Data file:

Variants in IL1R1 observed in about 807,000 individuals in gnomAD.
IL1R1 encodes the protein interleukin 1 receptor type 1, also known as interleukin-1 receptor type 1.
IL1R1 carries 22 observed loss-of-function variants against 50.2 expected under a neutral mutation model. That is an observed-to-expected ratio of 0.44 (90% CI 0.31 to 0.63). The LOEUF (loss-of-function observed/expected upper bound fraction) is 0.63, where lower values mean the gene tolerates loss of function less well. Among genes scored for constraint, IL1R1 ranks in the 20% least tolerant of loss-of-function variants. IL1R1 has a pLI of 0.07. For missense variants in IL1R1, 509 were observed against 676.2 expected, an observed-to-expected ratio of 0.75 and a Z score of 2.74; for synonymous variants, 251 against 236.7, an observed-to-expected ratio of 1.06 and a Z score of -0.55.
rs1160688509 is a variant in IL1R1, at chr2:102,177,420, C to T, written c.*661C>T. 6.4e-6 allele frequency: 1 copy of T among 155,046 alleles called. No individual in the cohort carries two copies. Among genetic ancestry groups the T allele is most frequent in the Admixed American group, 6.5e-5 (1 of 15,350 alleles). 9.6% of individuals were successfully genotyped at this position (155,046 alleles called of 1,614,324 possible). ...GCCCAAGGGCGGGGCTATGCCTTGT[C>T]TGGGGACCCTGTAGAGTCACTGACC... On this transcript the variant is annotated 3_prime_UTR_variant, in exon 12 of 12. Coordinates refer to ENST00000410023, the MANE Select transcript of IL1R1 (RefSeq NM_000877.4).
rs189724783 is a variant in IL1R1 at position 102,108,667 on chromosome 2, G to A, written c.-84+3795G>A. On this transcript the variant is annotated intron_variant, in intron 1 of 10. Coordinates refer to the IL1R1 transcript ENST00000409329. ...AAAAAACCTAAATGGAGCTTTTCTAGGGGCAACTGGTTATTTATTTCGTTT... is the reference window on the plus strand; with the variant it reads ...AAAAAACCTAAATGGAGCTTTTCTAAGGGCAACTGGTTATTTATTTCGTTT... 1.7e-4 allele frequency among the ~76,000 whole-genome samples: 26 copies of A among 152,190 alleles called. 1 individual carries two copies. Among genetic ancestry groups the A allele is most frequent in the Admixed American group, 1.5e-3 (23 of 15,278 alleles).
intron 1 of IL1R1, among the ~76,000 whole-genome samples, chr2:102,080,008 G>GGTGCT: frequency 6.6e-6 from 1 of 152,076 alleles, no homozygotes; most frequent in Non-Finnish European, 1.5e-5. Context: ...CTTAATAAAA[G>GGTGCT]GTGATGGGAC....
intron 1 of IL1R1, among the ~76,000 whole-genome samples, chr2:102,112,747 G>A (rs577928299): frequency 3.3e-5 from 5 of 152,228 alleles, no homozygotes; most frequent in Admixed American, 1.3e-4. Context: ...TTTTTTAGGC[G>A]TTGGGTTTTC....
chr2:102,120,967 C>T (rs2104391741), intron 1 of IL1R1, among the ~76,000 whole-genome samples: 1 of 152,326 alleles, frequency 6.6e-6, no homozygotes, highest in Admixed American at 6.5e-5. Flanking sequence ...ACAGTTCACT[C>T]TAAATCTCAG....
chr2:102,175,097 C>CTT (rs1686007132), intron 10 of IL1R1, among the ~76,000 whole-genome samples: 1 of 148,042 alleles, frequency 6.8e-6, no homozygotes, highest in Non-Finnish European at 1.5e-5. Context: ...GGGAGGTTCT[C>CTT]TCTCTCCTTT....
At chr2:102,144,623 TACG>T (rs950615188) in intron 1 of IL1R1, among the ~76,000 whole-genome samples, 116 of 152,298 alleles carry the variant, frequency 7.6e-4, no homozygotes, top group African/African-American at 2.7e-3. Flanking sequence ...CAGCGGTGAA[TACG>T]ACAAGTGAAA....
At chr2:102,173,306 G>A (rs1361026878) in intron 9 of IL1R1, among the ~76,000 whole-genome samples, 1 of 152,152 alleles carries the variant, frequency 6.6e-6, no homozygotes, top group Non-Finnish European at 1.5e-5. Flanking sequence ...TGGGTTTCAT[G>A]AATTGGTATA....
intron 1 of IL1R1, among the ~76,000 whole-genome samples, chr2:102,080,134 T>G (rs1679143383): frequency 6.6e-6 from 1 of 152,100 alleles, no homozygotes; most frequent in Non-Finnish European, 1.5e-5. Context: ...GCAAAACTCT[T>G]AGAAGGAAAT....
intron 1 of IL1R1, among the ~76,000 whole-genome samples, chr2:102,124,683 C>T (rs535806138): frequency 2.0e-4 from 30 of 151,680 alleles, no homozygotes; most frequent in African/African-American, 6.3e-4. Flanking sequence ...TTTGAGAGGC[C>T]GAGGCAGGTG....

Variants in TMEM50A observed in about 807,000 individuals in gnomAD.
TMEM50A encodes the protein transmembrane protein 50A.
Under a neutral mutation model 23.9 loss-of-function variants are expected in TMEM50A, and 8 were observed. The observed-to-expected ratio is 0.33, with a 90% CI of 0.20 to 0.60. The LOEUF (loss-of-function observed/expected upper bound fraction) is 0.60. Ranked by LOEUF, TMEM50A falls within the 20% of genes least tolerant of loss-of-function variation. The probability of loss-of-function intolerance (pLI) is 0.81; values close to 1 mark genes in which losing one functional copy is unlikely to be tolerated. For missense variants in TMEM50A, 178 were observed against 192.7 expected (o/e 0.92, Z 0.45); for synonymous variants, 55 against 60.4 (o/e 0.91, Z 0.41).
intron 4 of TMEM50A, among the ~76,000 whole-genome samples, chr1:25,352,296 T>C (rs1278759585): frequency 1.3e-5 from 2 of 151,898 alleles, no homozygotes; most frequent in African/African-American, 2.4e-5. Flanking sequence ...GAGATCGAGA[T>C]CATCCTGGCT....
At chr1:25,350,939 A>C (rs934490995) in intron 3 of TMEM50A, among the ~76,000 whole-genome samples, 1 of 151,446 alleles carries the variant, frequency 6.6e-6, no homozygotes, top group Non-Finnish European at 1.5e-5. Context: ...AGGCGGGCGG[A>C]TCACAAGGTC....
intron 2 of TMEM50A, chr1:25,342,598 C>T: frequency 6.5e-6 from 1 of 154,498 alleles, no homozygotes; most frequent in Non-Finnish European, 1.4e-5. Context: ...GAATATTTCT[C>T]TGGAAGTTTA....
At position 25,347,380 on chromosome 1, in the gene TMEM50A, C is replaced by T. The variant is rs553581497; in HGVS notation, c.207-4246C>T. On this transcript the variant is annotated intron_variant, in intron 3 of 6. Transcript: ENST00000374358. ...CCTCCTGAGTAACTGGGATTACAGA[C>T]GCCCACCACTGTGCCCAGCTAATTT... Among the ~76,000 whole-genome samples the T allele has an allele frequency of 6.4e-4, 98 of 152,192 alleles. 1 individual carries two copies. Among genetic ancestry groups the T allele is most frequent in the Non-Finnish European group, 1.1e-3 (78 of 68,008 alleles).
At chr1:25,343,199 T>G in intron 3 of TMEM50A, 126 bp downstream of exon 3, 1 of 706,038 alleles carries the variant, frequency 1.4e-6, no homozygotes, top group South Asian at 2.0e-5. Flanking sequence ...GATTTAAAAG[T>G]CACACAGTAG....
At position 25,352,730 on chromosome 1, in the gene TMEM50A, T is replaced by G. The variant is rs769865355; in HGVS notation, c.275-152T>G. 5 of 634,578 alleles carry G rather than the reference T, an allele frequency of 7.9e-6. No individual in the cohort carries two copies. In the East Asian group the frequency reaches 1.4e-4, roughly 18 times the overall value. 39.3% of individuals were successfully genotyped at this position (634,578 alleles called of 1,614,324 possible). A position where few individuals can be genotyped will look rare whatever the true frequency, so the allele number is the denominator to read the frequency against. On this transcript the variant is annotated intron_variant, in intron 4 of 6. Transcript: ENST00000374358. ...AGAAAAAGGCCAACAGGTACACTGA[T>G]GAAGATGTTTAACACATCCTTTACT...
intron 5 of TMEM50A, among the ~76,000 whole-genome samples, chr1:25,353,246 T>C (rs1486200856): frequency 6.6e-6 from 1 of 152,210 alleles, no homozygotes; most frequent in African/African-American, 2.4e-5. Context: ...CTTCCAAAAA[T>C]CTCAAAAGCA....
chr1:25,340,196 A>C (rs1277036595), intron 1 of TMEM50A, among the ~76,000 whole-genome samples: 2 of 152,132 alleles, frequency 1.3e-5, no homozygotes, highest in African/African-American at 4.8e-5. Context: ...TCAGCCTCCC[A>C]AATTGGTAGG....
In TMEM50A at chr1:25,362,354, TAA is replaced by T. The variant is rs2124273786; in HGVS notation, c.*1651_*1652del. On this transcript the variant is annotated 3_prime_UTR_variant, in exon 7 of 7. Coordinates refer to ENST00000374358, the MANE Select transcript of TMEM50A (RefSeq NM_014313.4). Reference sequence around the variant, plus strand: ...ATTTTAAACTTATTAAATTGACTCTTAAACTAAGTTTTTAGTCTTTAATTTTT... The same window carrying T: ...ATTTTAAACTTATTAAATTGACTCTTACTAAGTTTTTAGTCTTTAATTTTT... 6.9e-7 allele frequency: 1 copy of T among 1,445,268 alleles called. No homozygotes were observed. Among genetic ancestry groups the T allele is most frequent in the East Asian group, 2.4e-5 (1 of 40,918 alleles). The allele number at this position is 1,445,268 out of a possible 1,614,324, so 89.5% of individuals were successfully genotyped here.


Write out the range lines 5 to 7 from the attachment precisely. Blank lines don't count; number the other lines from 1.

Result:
rs189724783 is a variant in IL1R1 at position 102,108,667 on chromosome 2, G to A, written c.-84+3795G>A. On this transcript the variant is annotated intron_variant, in intron 1 of 10. Coordinates refer to the IL1R1 transcript ENST00000409329. ...AAAAAACCTAAATGGAGCTTTTCTAGGGGCAACTGGTTATTTATTTCGTTT... is the reference window on the plus strand; with the variant it reads ...AAAAAACCTAAATGGAGCTTTTCTAAGGGCAACTGGTTATTTATTTCGTTT... 1.7e-4 allele frequency among the ~76,000 whole-genome samples: 26 copies of A among 152,190 alleles called. 1 individual carries two copies. Among genetic ancestry groups the A allele is most frequent in the Admixed American group, 1.5e-3 (23 of 15,278 alleles).
intron 1 of IL1R1, among the ~76,000 whole-genome samples, chr2:102,080,008 G>GGTGCT: frequency 6.6e-6 from 1 of 152,076 alleles, no homozygotes; most frequent in Non-Finnish European, 1.5e-5. Context: ...CTTAATAAAA[G>GGTGCT]GTGATGGGAC....
intron 1 of IL1R1, among the ~76,000 whole-genome samples, chr2:102,112,747 G>A (rs577928299): frequency 3.3e-5 from 5 of 152,228 alleles, no homozygotes; most frequent in Admixed American, 1.3e-4. Context: ...TTTTTTAGGC[G>A]TTGGGTTTTC....